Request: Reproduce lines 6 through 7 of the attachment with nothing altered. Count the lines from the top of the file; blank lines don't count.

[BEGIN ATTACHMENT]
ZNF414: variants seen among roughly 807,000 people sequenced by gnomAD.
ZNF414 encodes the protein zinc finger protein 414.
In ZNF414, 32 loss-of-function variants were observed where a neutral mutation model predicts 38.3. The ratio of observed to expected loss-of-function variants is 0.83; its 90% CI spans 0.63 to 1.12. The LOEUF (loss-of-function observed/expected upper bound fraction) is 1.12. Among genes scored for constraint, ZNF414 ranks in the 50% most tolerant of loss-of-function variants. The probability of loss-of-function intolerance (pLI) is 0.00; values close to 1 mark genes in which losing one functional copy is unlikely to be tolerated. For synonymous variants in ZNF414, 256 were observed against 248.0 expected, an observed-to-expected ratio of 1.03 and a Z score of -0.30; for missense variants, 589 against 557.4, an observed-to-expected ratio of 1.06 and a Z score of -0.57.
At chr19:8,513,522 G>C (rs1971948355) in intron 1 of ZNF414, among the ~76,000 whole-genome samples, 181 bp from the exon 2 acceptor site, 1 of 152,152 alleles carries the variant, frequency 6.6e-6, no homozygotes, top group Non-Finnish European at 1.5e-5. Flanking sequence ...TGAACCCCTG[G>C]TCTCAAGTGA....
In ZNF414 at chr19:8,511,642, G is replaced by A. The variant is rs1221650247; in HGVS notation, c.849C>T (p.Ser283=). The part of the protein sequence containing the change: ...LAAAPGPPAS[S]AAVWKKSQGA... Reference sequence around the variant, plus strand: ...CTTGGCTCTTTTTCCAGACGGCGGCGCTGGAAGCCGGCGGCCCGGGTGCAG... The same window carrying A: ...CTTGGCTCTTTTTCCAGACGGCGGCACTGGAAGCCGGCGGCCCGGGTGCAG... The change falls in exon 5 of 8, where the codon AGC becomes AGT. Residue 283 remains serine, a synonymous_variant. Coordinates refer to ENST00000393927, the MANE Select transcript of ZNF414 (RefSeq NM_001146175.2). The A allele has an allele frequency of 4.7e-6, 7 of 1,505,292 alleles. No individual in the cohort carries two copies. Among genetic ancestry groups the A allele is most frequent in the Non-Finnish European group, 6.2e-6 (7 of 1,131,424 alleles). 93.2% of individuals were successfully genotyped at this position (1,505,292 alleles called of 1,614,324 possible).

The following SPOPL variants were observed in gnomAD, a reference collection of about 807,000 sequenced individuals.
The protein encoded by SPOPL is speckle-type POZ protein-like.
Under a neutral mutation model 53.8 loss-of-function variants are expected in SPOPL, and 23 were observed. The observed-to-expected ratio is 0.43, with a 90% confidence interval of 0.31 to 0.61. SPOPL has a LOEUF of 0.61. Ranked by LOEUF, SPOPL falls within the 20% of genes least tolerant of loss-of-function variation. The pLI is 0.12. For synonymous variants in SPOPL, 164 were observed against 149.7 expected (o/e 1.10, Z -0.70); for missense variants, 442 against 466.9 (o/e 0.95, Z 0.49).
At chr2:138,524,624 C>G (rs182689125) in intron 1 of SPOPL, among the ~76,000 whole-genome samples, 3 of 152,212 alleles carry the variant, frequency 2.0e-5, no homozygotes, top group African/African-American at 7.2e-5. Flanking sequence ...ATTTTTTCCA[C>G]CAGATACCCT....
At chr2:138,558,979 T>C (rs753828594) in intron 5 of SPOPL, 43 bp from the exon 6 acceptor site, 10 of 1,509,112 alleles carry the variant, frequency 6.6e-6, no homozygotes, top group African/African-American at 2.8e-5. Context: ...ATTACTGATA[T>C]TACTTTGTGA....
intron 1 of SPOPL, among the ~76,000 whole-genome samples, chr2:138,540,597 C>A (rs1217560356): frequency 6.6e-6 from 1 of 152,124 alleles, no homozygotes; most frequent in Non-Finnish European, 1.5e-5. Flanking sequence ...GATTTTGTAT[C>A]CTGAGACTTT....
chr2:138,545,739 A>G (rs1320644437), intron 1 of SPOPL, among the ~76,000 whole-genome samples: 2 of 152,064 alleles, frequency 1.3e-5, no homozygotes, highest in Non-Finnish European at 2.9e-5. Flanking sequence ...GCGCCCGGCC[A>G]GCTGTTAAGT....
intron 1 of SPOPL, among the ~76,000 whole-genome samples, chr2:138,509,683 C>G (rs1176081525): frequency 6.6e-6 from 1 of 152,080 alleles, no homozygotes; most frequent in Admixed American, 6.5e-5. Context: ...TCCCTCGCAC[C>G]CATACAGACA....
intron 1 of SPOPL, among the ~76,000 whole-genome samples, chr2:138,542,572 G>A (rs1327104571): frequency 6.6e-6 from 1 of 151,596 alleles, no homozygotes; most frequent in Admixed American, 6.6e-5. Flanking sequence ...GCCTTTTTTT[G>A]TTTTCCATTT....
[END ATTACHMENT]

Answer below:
The following SPOPL variants were observed in gnomAD, a reference collection of about 807,000 sequenced individuals.
The protein encoded by SPOPL is speckle-type POZ protein-like.